Privileged Class

Working as a carpenter since my release has brought me into contact with all sorts of people. The other day I was on a jobsite with a guy who had done some time in the Vermont State Prison as a habitual offender. 

"I don't know how it is in New Hampshire," he said,” but sex offenders are a privileged class in the Vermont prison system." 

"How so?" I asked. 

"Well, for starters, they get all the good prison jobs." 

Hmm, come to think of it, a lot of the more responsible inmate jobs at the New Hampshire State Prison were held by guys in for sex crimes. I’m sure it wasn't due to any special affinity for sex offenders among prison staff.  

About two weeks after I landed in general population, I got called to the first floor control room in the Hancock Building. The officer in charge gave me a yard pass and told me to report to the Bureau of Programs office at the one o'clock movement. He didn’t know the reason why. 

I was a little nervous about this unexpected summons. At one p.m., after passing through the North Yard gate, I climbed the stairs to the third floor of the steel-clad Prison Industries Building. At the top was a set of plate glass doors emblazoned with the NHSP Bureau of Programs logo. The office was carpeted and air conditioned. Several prisoners sat at computer work stations along with a few civilian employees.  A neatly groomed thirty-something guy dressed in prison greens greeted me.  He had a shock of dark hair graying at the temples and a somewhat formal air. 

"You must be Dr. Horner." 

I was surprised at the honorific. No one called me “doctor” in prison. The title had magically disappeared when I lost my freedom. 

"I am," I said cautiously, shaking his hand. 

"I'm Nick," he smiled. "You're probably wondering why you're here," then added with a twinkle in his eye, "I don't mean here in prison, of course, I mean here at the Bureau of Programs. Let me explain." 

Nick told me the prison had a memorandum of agreement with the New Hampshire Community Technical College. Prisoners could earn college credit for courses taught in prison by approved inmate instructors. 

"We keep our eyes open for new arrivals with advanced degrees - guys who might be interested in teaching for Capitol Branch,” Nick added, “What do you think?"

I felt a glimmer of hope. "I'd like that," I said.

"Good. We'll have to submit your credentials to NHCTC. But, I'm sure there'll be no problem getting you approved.” He lowered his voice. “Frankly, it's no secret the inmate instructors have better credentials than most of the community college staff."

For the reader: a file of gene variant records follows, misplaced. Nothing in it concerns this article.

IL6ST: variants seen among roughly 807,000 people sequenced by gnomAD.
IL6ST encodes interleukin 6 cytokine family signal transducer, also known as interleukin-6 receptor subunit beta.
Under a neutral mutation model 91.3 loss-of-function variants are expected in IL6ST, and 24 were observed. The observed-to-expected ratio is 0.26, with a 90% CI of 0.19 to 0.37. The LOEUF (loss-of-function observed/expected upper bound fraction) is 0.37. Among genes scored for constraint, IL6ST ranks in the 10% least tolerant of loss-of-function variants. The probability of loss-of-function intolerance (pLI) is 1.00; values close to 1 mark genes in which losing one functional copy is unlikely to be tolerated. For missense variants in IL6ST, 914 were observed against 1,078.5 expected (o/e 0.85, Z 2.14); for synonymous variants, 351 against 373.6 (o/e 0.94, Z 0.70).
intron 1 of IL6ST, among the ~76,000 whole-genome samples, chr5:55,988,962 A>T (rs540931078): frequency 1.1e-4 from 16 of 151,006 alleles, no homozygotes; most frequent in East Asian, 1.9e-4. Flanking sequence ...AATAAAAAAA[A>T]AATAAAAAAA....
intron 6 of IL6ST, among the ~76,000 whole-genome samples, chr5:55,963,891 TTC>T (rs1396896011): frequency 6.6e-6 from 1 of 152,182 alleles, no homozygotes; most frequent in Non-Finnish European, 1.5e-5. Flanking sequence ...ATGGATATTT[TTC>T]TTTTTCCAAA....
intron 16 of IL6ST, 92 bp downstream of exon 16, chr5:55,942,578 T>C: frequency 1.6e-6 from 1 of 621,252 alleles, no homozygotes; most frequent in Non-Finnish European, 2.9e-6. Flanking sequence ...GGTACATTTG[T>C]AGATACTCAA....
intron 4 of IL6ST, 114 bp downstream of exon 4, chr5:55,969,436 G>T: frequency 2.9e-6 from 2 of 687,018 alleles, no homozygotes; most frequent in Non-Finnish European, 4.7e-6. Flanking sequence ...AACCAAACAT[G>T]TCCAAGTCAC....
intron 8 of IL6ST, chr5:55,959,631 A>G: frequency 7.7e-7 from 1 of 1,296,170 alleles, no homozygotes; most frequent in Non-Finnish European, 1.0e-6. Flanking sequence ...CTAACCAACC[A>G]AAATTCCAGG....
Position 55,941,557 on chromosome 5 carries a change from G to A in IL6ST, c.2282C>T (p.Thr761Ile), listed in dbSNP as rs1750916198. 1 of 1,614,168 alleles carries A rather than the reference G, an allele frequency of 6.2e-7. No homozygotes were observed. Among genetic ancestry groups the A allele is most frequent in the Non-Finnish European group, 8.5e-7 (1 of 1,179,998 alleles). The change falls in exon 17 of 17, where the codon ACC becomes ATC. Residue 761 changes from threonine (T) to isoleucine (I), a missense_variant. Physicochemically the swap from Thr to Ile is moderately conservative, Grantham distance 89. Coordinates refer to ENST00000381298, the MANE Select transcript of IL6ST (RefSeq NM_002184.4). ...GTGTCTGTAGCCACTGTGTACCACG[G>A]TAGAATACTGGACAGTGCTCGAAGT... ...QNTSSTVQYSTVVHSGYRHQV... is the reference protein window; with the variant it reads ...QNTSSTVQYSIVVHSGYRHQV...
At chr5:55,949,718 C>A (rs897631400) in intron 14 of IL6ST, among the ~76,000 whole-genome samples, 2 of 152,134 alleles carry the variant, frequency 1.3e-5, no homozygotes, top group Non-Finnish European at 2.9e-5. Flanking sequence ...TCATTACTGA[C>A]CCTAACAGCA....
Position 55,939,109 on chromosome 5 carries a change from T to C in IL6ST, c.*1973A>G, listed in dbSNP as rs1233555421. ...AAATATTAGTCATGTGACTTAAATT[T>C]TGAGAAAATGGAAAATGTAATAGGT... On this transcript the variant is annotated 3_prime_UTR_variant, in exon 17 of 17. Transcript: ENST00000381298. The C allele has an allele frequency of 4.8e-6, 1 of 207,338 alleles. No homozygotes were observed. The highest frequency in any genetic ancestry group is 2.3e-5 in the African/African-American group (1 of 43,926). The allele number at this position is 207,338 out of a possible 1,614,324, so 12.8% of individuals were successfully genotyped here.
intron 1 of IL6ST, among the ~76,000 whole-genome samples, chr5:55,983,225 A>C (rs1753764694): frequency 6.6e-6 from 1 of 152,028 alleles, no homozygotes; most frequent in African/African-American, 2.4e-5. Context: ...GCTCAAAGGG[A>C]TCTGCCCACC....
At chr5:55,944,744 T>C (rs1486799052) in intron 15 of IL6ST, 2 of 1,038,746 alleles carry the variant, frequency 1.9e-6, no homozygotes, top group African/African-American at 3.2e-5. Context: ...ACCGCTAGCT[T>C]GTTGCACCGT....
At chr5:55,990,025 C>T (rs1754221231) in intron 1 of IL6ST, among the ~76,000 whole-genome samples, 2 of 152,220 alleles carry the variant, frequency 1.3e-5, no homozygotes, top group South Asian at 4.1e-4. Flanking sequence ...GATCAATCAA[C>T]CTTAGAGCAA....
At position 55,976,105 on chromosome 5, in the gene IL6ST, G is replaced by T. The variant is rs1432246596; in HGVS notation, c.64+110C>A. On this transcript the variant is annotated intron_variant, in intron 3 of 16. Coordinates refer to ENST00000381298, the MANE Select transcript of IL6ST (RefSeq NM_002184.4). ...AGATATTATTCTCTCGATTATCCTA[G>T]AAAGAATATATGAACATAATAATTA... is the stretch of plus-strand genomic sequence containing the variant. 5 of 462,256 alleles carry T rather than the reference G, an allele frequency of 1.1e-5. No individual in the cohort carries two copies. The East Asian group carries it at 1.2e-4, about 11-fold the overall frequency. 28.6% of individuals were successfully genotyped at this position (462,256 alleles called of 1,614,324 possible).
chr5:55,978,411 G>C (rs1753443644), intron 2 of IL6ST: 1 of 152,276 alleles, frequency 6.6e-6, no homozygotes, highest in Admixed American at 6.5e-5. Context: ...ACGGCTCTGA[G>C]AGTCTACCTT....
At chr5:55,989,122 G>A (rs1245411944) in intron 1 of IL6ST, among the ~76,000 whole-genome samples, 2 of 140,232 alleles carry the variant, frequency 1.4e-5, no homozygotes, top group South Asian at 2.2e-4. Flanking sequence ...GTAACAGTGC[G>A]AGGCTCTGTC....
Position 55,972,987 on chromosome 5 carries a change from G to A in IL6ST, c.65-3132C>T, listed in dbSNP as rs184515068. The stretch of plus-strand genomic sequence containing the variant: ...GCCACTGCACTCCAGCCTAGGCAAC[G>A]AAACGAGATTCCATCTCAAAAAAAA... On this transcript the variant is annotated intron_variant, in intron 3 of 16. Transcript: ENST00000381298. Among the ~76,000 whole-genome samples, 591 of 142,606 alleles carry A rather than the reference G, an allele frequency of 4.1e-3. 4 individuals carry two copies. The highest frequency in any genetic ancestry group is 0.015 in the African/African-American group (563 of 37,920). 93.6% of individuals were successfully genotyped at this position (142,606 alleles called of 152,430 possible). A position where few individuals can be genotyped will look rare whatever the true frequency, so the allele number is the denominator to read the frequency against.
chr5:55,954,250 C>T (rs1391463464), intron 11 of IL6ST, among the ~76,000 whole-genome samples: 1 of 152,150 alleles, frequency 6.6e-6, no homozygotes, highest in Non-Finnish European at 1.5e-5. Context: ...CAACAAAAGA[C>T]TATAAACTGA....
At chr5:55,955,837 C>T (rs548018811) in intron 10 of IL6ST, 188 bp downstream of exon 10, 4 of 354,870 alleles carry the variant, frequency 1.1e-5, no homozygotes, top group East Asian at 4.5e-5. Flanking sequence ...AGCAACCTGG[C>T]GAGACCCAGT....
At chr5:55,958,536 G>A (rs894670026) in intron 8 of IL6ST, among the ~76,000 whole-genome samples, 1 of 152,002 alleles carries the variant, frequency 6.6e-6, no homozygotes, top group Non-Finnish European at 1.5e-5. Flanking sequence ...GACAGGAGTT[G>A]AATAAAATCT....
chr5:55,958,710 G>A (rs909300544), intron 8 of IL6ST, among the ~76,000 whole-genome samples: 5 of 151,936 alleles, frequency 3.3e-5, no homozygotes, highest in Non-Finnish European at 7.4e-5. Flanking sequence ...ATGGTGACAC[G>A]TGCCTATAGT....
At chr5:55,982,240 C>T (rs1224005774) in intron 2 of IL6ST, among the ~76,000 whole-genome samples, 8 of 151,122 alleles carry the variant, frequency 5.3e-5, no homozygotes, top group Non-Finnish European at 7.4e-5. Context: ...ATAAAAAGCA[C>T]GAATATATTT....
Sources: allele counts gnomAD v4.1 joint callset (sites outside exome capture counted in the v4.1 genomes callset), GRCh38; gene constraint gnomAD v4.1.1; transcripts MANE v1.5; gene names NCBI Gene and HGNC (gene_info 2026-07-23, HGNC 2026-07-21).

Within a few months I was teaching both high school biology and college level anatomy and physiology to other prisoners as my prison job. At $1.20 an hour, it was a good gig.

The eight approved Capitol Branch instructors had masters’ degrees or above. Six of us were sex offenders. 

It makes sense.  If a college educated guy is going to prison, it won’t be for breaking and entering, or a drug deal gone bad. 

In 2005, my cellie and I watched the first few episodes of the Fox made-for-television drama Prison Break. The only sex offender in the show, T-Bag, was a violent sociopath. I met a few guys like that in prison. Some were even sex offenders. But this is largely a Hollywood cliché. 

The average guy in prison for a sex offense is, well…average. Many have no prior trouble with the law. Most would say they never intended to hurt anyone, though they did, often badly. It may take time in treatment to break through the denial. But when confronted with the truth, most are dismayed by the harm they caused. I know I was.

So, if you needed to hire a prisoner for a responsible position in your license plate shop, who would you choose? The guy who continues to have substance abuse issues? The guy with a history of dealing and stealing for a living? The guy whose explosive temper got him sent to prison? 

Or would you choose the guy who’s desperately trying to prove to you and to himself that he’s not a monster.